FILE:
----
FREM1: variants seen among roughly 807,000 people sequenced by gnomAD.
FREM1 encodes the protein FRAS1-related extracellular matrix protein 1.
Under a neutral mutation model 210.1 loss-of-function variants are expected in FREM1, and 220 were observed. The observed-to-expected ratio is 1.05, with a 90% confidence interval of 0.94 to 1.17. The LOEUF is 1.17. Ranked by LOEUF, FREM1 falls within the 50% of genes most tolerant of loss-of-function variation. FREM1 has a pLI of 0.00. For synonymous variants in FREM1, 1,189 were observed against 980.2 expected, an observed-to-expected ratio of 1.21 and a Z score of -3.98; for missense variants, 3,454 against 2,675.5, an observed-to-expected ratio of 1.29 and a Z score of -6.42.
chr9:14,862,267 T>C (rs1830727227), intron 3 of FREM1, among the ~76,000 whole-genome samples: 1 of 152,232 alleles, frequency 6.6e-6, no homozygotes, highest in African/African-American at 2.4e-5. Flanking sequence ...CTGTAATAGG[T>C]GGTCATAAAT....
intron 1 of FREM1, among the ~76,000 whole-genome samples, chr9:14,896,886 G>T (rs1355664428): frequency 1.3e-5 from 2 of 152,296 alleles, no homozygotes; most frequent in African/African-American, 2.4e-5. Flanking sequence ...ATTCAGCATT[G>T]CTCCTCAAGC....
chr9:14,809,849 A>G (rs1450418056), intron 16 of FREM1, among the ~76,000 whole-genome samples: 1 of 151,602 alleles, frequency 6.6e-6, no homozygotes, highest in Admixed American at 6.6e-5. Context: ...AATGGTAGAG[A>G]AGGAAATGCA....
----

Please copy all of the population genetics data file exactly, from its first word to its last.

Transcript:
FREM1: variants seen among roughly 807,000 people sequenced by gnomAD.
FREM1 encodes the protein FRAS1-related extracellular matrix protein 1.
Under a neutral mutation model 210.1 loss-of-function variants are expected in FREM1, and 220 were observed. The observed-to-expected ratio is 1.05, with a 90% confidence interval of 0.94 to 1.17. The LOEUF is 1.17. Ranked by LOEUF, FREM1 falls within the 50% of genes most tolerant of loss-of-function variation. FREM1 has a pLI of 0.00. For synonymous variants in FREM1, 1,189 were observed against 980.2 expected, an observed-to-expected ratio of 1.21 and a Z score of -3.98; for missense variants, 3,454 against 2,675.5, an observed-to-expected ratio of 1.29 and a Z score of -6.42.
chr9:14,862,267 T>C (rs1830727227), intron 3 of FREM1, among the ~76,000 whole-genome samples: 1 of 152,232 alleles, frequency 6.6e-6, no homozygotes, highest in African/African-American at 2.4e-5. Flanking sequence ...CTGTAATAGG[T>C]GGTCATAAAT....
intron 1 of FREM1, among the ~76,000 whole-genome samples, chr9:14,896,886 G>T (rs1355664428): frequency 1.3e-5 from 2 of 152,296 alleles, no homozygotes; most frequent in African/African-American, 2.4e-5. Flanking sequence ...ATTCAGCATT[G>T]CTCCTCAAGC....
chr9:14,809,849 A>G (rs1450418056), intron 16 of FREM1, among the ~76,000 whole-genome samples: 1 of 151,602 alleles, frequency 6.6e-6, no homozygotes, highest in Admixed American at 6.6e-5. Context: ...AATGGTAGAG[A>G]AGGAAATGCA....